Guest Author - Jane Winkler
Without a standard monetary system, trading for goods and services was the basis of the American Indian economy. This method of commerce continues at gatherings and Pow-Wows between individuals and with Trading Blanket events. While there are regional variations to rules and protocol, the basics are consistent.
A moderator, the Blanket Master, places a large blanket on the ground. Those with items to trade gather in a circle. The items can be used or newly made, traditional or contemporary. Items from sacred, protected places are not allowed, as well as items from endangered or protected animals.
A Trading Blanket generally begins with a piece of cast iron. However, this has varied throughout time and region. We haven't always had cast iron in the Americas, and extensive trade routes were well established before European contact. This one began with a cooking pot placed in the center of the blanket. Those who wanted to trade for the cooking pot placed their item(s) on the blanket as their offer. More than one offer can be made. One must be careful not to step on the blanket. For some, this is a minor error. But for others, it is more serious and considered as offering oneself for trade.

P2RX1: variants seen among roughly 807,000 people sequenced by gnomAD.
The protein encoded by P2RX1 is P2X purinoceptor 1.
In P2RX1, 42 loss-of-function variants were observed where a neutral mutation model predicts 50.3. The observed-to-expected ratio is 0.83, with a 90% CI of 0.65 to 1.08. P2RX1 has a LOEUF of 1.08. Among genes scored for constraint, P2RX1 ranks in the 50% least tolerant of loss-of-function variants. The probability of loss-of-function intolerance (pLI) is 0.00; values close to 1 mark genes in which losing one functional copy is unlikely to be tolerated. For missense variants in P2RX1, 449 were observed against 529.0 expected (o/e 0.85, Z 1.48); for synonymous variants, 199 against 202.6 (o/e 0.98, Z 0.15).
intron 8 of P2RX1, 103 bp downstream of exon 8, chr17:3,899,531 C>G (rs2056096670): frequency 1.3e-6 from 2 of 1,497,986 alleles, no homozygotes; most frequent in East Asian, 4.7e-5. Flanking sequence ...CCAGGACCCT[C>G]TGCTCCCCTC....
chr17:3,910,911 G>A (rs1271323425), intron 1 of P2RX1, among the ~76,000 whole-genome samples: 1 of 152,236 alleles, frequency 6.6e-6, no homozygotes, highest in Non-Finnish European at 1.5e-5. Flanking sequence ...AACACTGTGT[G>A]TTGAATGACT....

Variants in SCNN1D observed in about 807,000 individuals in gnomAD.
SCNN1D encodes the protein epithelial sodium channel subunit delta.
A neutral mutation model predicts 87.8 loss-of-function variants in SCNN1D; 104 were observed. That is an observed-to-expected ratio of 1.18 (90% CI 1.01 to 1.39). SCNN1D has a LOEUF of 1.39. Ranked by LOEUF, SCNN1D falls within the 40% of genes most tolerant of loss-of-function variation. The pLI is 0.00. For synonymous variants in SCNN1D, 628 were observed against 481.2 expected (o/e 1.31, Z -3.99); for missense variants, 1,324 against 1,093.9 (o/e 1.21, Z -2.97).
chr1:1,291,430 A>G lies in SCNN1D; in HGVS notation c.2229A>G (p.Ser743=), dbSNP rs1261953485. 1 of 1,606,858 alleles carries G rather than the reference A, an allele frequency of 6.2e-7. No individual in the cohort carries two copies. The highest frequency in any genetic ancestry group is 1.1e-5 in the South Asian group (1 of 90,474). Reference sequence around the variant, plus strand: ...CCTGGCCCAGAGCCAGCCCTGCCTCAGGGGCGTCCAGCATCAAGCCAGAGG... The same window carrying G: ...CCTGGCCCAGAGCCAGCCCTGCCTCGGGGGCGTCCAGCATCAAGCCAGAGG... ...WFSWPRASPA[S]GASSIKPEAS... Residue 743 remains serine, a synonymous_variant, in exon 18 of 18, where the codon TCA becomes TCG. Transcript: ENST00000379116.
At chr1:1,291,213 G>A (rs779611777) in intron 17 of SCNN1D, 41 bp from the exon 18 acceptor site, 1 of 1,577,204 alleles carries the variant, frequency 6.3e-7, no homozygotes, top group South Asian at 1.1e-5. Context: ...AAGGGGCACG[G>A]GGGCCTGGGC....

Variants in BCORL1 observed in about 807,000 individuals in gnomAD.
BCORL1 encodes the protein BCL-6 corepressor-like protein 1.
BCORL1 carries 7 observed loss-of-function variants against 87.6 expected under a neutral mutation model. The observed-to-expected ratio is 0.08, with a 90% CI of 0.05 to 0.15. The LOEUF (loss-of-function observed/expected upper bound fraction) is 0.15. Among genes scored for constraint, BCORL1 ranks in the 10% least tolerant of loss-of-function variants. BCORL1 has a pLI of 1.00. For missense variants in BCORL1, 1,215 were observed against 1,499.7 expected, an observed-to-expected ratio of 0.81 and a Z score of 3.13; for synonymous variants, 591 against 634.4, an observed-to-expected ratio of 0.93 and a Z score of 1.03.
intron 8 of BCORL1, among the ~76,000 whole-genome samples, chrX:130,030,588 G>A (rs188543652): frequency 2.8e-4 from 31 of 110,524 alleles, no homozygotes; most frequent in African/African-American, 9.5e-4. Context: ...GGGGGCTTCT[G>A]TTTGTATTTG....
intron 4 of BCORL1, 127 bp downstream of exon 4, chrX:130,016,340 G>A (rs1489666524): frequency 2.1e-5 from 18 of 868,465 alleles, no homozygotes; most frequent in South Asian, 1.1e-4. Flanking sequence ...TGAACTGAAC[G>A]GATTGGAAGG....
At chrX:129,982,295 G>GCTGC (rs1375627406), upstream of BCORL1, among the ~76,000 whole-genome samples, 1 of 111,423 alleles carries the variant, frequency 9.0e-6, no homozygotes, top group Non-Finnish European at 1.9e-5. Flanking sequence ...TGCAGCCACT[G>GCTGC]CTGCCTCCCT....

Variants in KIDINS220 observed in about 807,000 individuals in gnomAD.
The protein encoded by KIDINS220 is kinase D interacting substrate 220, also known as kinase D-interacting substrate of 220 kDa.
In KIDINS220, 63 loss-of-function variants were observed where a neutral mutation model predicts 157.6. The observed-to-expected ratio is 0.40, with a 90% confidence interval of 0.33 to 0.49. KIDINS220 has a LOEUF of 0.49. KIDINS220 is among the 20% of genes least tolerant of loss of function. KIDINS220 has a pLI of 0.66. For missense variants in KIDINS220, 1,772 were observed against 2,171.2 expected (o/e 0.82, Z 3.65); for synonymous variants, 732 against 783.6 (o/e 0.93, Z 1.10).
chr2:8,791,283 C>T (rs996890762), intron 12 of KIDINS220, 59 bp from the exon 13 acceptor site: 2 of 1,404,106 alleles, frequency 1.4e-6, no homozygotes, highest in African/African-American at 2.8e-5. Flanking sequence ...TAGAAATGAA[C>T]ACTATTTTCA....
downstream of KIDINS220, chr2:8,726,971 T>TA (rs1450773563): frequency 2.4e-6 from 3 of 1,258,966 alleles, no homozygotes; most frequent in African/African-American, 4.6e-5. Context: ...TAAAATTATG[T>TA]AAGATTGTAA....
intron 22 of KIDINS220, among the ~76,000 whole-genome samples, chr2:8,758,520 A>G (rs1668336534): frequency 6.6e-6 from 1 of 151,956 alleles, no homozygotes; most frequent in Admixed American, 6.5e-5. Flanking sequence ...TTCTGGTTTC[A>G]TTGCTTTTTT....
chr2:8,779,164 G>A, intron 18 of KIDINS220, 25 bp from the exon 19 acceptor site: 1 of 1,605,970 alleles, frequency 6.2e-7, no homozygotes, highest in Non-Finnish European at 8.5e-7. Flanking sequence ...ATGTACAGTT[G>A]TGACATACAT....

The owner of the original item(s) placed on the blanket has these options:
1. Accept one of the offers
2. Ask one or all traders to “sweeten the pot” by adding more items to their initial offer
3. Refuse all offers and withdraw the item from trade
Hard feelings are not permitted around a Trading Blanket. All participants must respect the trader's choice, whether a trade is made or not.
Side Trades are permitted. When requested, those involved step away from the circle and inform the group of the outcome. Monetary transactions are not permitted on the blanket. We were instructed to say "Frogskins" if interested in purchasing an item. This would also be conducted away from the circle. There is one exception practiced widely throughout the Americas. When trading a sharp object, such as a knife or axe, coins are exchanged after the trade to ensure the blade doesn't "cut" the friendship.
There are also "Medicine Trades." These occur when an item placed on the blanket for trade is especially desired or needed. Medicine Trades can be obvious or discreet, and monetary or equal value is completely irrelevant. If the "pot" needs to be sweetened, other traders can assist, giving their own items to add to an offer and help make a successful trade.
A Trading Blanket is a shared experience, in no way comparable to shopping, or attending an auction. It's a social event, a chance to renew friendships, make new friends and help your community. Time is allowed for everyone to make their best offer. If a trader needs to retrieve additional items, the Blanket Master states "Trader Running." All activity is paused and this provides the perfect break for story telling.
This Trading Blanket is held after dancing on Friday night of Pow-Wow weekend. Many arrived with boxes and bundles. Along with the term "Trader Running," there was also "Trader Digging," for those searching their boxes and bundles in the dark. Flash lights are recommended at late night Trading Blankets.